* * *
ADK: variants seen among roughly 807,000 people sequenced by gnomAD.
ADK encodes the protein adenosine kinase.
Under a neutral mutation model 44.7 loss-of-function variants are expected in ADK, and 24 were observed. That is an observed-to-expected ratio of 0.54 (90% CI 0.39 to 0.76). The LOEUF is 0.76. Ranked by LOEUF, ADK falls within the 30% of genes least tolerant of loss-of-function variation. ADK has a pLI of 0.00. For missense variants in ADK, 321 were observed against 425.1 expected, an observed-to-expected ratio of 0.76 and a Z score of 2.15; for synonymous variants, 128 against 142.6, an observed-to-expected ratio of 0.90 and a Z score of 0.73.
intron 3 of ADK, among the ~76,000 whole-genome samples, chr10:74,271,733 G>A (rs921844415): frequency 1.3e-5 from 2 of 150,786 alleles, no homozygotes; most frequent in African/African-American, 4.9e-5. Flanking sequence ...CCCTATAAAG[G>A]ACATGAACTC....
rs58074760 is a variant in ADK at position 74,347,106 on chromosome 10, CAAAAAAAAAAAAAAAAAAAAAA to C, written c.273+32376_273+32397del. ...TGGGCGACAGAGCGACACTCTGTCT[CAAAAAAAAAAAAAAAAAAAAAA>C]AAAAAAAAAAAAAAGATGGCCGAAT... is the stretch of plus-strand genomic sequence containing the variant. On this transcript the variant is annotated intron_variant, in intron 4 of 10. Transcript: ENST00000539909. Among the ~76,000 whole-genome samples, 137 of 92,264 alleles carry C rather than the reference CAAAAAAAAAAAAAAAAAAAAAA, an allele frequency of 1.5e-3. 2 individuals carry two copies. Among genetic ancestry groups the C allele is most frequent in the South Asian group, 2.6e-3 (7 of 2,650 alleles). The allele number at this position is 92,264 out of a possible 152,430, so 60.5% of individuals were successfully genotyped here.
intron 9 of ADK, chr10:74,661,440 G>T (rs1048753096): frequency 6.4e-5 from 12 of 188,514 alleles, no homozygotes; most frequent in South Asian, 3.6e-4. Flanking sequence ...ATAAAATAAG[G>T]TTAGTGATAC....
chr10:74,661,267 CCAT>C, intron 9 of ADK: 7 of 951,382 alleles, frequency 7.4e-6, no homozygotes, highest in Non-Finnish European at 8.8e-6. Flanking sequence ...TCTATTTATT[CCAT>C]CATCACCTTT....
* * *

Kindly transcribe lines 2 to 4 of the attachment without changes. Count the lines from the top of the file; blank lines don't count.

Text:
ADK encodes the protein adenosine kinase.
Under a neutral mutation model 44.7 loss-of-function variants are expected in ADK, and 24 were observed. That is an observed-to-expected ratio of 0.54 (90% CI 0.39 to 0.76). The LOEUF is 0.76. Ranked by LOEUF, ADK falls within the 30% of genes least tolerant of loss-of-function variation. ADK has a pLI of 0.00. For missense variants in ADK, 321 were observed against 425.1 expected, an observed-to-expected ratio of 0.76 and a Z score of 2.15; for synonymous variants, 128 against 142.6, an observed-to-expected ratio of 0.90 and a Z score of 0.73.
intron 3 of ADK, among the ~76,000 whole-genome samples, chr10:74,271,733 G>A (rs921844415): frequency 1.3e-5 from 2 of 150,786 alleles, no homozygotes; most frequent in African/African-American, 4.9e-5. Flanking sequence ...CCCTATAAAG[G>A]ACATGAACTC....